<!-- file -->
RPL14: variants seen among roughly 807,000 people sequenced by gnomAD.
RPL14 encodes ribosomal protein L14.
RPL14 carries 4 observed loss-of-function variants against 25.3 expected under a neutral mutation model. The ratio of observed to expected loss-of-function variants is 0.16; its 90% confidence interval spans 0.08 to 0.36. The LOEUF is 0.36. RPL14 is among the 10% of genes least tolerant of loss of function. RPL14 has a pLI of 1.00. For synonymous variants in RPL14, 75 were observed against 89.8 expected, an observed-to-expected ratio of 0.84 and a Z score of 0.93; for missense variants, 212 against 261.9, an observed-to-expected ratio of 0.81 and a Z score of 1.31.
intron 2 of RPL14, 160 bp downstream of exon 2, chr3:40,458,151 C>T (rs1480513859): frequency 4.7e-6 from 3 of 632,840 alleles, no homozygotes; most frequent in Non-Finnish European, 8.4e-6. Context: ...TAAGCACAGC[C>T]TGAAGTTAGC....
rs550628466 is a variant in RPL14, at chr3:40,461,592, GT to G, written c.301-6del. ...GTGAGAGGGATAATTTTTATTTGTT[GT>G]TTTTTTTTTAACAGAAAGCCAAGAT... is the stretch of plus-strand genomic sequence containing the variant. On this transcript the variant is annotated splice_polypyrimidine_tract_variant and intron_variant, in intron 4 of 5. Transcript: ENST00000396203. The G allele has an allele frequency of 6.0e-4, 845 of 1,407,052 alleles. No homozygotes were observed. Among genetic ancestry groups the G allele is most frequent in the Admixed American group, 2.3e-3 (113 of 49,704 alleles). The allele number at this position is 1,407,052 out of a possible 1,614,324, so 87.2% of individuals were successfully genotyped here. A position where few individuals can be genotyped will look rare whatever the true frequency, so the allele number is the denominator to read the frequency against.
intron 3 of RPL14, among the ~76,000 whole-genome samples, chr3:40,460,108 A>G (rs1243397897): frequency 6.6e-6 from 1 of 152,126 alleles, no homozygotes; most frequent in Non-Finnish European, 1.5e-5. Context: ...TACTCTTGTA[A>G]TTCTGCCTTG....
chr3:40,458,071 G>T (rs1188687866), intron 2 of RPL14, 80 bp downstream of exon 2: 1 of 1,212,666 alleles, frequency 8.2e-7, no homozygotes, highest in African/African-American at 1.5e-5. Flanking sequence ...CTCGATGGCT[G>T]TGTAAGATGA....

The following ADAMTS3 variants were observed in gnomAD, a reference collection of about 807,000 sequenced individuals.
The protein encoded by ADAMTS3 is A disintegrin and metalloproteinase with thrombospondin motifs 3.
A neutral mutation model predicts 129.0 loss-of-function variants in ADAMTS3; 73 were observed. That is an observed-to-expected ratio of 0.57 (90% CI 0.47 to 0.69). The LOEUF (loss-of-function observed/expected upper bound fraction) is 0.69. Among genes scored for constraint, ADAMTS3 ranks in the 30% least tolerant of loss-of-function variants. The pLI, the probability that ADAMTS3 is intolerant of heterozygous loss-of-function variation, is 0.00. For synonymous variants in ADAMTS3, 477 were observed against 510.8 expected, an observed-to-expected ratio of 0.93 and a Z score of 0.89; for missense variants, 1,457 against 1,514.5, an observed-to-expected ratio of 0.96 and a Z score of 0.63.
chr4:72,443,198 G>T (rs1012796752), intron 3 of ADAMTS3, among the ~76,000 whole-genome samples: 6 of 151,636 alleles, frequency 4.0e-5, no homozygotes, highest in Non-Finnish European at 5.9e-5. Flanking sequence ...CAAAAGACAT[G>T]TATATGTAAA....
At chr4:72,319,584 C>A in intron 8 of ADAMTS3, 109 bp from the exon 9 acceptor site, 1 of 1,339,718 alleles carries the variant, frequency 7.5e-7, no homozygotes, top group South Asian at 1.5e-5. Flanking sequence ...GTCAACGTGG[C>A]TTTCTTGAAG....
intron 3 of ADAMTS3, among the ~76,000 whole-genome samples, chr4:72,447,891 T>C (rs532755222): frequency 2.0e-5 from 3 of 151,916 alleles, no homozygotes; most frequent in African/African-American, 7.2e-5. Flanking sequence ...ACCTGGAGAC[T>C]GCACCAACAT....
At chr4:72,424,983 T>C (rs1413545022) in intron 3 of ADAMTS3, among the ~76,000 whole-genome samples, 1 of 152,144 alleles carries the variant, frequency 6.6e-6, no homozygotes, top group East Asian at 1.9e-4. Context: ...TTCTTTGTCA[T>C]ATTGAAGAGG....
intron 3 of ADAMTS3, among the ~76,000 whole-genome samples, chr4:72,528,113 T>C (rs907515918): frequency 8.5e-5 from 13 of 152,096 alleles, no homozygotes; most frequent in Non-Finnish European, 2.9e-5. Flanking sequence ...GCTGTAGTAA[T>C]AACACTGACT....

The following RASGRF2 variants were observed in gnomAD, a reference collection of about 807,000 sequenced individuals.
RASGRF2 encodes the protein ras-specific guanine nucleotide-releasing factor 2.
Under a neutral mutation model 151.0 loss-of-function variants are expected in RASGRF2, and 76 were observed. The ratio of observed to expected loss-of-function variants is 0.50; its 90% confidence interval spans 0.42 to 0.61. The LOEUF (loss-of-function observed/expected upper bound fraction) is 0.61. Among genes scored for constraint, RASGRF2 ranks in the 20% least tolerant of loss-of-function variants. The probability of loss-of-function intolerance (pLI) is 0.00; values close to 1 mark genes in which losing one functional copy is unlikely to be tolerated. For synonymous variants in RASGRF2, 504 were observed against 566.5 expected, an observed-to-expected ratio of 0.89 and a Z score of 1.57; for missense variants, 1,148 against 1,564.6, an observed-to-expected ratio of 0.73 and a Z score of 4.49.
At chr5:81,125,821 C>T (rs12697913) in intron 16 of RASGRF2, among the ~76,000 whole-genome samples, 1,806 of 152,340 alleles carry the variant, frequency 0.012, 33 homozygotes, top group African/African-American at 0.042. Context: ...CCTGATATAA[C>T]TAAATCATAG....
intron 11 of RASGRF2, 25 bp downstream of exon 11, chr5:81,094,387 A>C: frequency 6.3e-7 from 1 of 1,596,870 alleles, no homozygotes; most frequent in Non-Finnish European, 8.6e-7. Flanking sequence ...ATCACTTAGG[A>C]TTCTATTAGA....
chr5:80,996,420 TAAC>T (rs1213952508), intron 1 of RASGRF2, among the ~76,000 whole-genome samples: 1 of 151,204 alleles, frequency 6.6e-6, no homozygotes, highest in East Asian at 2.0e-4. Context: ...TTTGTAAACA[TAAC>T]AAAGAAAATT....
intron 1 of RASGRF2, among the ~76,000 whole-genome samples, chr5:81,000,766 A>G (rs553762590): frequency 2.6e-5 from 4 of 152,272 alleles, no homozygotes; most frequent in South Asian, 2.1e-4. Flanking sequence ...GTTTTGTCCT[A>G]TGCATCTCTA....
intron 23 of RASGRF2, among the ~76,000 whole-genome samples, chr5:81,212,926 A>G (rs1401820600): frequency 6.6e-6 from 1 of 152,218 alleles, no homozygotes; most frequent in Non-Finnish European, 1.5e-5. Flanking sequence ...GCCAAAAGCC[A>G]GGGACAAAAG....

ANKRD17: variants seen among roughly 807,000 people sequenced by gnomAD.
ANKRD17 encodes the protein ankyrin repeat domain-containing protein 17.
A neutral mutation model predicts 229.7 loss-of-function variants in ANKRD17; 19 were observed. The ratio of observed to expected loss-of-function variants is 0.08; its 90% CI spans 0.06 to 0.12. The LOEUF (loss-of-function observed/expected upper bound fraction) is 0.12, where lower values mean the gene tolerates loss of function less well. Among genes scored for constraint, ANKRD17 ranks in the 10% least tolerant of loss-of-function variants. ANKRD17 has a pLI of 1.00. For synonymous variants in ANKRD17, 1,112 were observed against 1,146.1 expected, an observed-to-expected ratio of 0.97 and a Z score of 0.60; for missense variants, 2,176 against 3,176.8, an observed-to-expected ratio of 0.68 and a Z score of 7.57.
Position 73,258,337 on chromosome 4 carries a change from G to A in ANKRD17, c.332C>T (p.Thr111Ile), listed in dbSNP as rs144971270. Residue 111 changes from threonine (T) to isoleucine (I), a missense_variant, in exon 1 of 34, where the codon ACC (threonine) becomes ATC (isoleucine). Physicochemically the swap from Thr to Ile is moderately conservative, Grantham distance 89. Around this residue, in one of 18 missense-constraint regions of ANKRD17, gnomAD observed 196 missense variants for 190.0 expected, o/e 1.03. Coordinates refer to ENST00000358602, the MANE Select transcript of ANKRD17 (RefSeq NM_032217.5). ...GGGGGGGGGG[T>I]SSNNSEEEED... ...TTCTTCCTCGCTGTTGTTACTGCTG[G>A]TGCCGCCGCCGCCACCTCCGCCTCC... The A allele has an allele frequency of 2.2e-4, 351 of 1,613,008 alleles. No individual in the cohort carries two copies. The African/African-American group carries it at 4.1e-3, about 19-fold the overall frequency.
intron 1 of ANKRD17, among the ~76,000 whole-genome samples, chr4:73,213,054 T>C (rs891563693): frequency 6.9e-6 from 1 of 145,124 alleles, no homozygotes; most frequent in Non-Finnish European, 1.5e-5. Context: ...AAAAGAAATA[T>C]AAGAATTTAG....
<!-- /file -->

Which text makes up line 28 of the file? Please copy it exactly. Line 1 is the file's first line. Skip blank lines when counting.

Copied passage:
intron 1 of ANKRD17, among the ~76,000 whole-genome samples, chr4:73,213,054 T>C (rs891563693): frequency 6.9e-6 from 1 of 145,124 alleles, no homozygotes; most frequent in Non-Finnish European, 1.5e-5. Context: ...AAAAGAAATA[T>C]AAGAATTTAG....